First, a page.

There are a goodly number of openings in the fuselage that will reveal the innards of the bat, so the photograph above shows the beginnings of my rudimentary attempts to make the inside a bit busier. The SM81 had a dual role from the outset as both bomber and transport, so, happily, I didn't have to attempt a representation of the bomb bay, with its unusual vertical cages for the bombs.
The next issue was the dreaded question of the raised panel lines:
What a scary photograph - raised panel lines on the wings and my scriber. With my poor eyesight, palsied hands, and general mal-coordination, I was in two minds about removing the raised panel lines and cutting recessed ones instead. But I did. And it worked! Happily, only the wings (of wood) had panel lines on the real SM81, the fuselage being fabric covered tubing, as were the control surfaces.
I have bits and pieces, here and there, about the Pipistrello, but this other oldie:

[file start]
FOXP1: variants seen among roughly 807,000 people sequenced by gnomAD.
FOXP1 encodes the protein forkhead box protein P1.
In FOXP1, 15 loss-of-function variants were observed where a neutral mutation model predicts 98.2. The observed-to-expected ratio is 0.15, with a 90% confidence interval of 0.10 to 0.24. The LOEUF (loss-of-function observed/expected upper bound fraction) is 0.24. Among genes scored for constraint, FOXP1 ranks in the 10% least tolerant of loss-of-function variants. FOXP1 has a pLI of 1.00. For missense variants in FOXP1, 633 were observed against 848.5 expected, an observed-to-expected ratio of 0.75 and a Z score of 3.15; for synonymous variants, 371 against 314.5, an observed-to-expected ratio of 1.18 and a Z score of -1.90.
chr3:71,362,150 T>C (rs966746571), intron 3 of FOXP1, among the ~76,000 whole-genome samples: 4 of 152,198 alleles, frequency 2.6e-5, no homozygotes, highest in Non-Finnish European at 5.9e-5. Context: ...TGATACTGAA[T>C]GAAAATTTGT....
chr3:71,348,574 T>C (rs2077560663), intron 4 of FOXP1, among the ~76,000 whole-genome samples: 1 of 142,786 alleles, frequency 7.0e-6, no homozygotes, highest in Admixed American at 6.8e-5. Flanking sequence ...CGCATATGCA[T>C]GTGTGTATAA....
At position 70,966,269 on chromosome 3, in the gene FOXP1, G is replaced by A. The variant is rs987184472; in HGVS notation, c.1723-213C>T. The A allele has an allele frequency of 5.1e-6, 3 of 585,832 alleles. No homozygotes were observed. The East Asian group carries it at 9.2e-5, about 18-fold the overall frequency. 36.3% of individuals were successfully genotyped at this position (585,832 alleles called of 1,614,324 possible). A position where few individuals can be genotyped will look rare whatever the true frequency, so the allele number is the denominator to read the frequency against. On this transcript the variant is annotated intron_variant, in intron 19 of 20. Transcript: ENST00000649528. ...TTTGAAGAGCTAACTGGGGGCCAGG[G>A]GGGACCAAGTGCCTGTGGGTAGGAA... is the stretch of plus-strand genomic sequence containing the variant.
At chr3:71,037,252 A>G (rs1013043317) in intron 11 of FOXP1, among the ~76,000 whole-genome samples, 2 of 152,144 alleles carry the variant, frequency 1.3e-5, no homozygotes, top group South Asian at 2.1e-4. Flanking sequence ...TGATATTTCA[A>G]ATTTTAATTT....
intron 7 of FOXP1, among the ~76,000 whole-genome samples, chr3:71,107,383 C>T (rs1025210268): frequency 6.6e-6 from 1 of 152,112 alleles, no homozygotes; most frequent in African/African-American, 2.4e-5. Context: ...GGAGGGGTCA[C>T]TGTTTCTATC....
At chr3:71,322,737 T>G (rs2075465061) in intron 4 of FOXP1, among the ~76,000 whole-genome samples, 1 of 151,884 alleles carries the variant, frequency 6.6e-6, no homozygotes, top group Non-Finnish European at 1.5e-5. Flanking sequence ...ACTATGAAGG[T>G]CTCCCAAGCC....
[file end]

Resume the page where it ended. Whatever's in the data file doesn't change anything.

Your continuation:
is a great source. The SM81 was outdated by the time Italy, stupidly, entered the war, but when it first flew in 1934, it was well up among the European leaders. Compared, for example, with the Bristol Bombay, which first flew in June 1935, and had a similar transport/bomber role, the SM81 was faster, better armed, and had a greater range. And although both types saw active service in the war, the Pipstrello managed to contribute up until 1944.
Thinking about last tunes, I read not so long ago that the playing of 'The World Turned Upside Down' by the last British Army band out of the newly emerged USA looks, sadly, to be yet another myth. Oh well.